A second routine answer is to simply “elect the right people.” What a wonderful idea! But, when has that ever led to a serious reduction in federal power? Did it happen in 1994, when we had the “Republican Revolution”12 during the Clinton administration? In 2010, when Republicans took over the House of Representatives?13 Or in 2016, when Republicans gained control of the Senate?14 The best that can be said is that these brief interludes may have slowed our relentless march to serfdom. The end will still be the same nonetheless—a feudal system of lords and serfs.
Finally, nullification is routinely offered as a federal power-reducing strategy. Nullification, according to Merriam-Webster, is “the action of a state impeding or attempting to prevent the operation and enforcement within its territory of a law of the U.S.”15 It sounds great in theory, but practically speaking, is fraught with difficulties. These include haphazard application by the several states or local governments. What this means, in a nutshell, is that such resistance does not really impact federal action in any significant way.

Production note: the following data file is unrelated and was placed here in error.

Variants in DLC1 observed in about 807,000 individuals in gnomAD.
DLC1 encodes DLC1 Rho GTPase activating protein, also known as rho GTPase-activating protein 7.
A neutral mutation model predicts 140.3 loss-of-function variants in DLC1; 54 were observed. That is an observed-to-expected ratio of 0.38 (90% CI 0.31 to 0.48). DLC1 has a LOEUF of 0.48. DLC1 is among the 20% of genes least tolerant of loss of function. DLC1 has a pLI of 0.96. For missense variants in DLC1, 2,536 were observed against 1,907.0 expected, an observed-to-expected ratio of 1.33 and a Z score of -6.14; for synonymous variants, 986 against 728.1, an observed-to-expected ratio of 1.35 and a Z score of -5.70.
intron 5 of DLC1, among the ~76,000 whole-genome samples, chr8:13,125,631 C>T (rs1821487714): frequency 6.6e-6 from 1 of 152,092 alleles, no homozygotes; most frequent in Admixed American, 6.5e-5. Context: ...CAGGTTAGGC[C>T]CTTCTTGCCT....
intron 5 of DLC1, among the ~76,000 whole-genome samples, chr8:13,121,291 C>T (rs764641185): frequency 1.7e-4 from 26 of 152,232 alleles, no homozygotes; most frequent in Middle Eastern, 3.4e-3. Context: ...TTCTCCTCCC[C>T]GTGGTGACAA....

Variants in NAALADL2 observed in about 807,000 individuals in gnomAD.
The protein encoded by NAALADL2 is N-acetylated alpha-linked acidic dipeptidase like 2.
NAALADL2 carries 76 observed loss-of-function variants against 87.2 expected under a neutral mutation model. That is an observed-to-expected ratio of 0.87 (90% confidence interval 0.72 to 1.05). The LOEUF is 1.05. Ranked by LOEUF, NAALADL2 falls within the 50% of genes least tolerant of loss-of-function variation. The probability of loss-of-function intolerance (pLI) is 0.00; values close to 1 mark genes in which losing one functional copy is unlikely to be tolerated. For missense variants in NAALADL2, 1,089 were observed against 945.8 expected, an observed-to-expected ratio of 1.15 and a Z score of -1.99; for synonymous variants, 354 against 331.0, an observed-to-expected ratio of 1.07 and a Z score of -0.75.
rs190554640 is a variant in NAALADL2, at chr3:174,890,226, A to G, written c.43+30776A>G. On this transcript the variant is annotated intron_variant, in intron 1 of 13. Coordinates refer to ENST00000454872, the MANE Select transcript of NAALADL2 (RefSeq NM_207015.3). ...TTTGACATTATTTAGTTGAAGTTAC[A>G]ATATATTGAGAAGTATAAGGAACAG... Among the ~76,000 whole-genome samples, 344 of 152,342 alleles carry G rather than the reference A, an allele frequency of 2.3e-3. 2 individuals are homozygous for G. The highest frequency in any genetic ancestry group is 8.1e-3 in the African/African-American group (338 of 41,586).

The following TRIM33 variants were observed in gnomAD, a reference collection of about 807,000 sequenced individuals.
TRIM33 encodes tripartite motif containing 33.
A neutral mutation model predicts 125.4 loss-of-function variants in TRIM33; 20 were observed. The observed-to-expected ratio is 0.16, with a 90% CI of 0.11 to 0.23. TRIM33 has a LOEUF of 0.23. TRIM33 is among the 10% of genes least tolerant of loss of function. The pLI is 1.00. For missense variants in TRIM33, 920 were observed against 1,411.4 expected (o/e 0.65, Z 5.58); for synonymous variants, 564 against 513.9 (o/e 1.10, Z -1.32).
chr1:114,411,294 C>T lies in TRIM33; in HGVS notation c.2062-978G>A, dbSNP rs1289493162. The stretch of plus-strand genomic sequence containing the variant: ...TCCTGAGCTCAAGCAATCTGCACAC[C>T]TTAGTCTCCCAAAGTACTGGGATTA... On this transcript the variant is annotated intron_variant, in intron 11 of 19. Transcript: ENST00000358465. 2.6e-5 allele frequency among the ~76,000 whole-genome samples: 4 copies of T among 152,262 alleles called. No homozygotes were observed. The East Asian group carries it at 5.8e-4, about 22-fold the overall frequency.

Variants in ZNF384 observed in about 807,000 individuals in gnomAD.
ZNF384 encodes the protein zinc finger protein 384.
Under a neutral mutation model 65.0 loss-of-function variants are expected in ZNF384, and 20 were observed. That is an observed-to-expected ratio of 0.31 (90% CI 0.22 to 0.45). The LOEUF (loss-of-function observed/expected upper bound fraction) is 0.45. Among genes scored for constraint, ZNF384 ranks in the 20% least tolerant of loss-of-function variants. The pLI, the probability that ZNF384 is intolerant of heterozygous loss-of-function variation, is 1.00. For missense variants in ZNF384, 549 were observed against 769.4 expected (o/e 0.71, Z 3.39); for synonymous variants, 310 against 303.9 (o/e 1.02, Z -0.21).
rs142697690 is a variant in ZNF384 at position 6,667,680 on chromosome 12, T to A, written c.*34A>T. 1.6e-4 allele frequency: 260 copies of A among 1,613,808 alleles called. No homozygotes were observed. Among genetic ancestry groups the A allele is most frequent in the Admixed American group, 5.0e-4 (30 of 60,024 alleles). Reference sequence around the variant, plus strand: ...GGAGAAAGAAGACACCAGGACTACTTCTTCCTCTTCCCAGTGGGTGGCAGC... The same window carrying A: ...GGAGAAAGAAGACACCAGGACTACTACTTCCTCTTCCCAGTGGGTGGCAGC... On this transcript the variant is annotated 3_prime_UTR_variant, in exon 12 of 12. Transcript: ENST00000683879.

And then there is the point of nullification in the first place. Is it constitutional, or merely civil disobedience for other reasons? Consider sanctuary cities/states and state marijuana laws, for example. State nullification laws can be revoked by the next state legislature to take its seats, they generally target a single federal law (how many deserve nullification?), and they do nothing to the targeted federal law—it remains in effect and the federal government can enforce it to the extent their resources allow. In the end, nullification fixes nothing, while creating more chaos in our legal system.
Let’s now look at how the Constitution can be (and has been) changed. There are basically three mechanisms—two directly through Article V16 and one “ex cathredra” by the Supreme Court. The success of this latter process is codified in the “Constitution Annotated.”17 With thousands of court decisions on the books, Americans are truly at the mercy of unelected officials, whether judges or executive branch appointees. Supreme Court opinions (aka “decisions’) have the impact of amendments, as they are virtually unassailable by any means other than amendment. See the Dred Scott decision18 and Amendment XIII19 for an example.
As for Article V, only one method has been used to produce the current 27 official amendments. Congress has initiated the process, which has produced mixed results in terms of individual and federal powers. It can be claimed with little hesitation, that Congress is not likely to propose amendments that serve to diminish their power. Examples of such behavior are few and far between, in any case. These include the first ten (Bill of Rights), Amendment XXII (Presidential Office), and Amendment XXVII (Congressional Salary). 20